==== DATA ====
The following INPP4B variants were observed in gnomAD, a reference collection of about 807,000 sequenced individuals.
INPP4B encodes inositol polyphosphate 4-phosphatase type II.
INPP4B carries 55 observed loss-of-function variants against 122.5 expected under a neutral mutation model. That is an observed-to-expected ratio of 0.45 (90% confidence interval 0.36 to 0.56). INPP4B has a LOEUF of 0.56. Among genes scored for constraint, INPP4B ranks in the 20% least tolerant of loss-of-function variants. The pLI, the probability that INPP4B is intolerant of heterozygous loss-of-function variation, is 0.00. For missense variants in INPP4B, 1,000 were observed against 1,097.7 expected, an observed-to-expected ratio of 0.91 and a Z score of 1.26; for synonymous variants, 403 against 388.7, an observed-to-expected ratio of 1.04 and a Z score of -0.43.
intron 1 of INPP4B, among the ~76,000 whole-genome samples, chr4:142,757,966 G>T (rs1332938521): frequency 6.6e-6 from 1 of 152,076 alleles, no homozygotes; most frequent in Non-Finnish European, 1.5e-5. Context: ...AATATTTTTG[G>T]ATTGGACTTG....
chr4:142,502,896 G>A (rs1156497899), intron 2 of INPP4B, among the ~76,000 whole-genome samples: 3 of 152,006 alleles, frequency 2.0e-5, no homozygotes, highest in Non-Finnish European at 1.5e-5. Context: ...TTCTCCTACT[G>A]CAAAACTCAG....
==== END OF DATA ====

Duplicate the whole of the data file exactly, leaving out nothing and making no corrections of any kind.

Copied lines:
The following INPP4B variants were observed in gnomAD, a reference collection of about 807,000 sequenced individuals.
INPP4B encodes inositol polyphosphate 4-phosphatase type II.
INPP4B carries 55 observed loss-of-function variants against 122.5 expected under a neutral mutation model. That is an observed-to-expected ratio of 0.45 (90% confidence interval 0.36 to 0.56). INPP4B has a LOEUF of 0.56. Among genes scored for constraint, INPP4B ranks in the 20% least tolerant of loss-of-function variants. The pLI, the probability that INPP4B is intolerant of heterozygous loss-of-function variation, is 0.00. For missense variants in INPP4B, 1,000 were observed against 1,097.7 expected, an observed-to-expected ratio of 0.91 and a Z score of 1.26; for synonymous variants, 403 against 388.7, an observed-to-expected ratio of 1.04 and a Z score of -0.43.
intron 1 of INPP4B, among the ~76,000 whole-genome samples, chr4:142,757,966 G>T (rs1332938521): frequency 6.6e-6 from 1 of 152,076 alleles, no homozygotes; most frequent in Non-Finnish European, 1.5e-5. Context: ...AATATTTTTG[G>T]ATTGGACTTG....
chr4:142,502,896 G>A (rs1156497899), intron 2 of INPP4B, among the ~76,000 whole-genome samples: 3 of 152,006 alleles, frequency 2.0e-5, no homozygotes, highest in Non-Finnish European at 1.5e-5. Context: ...TTCTCCTACT[G>A]CAAAACTCAG....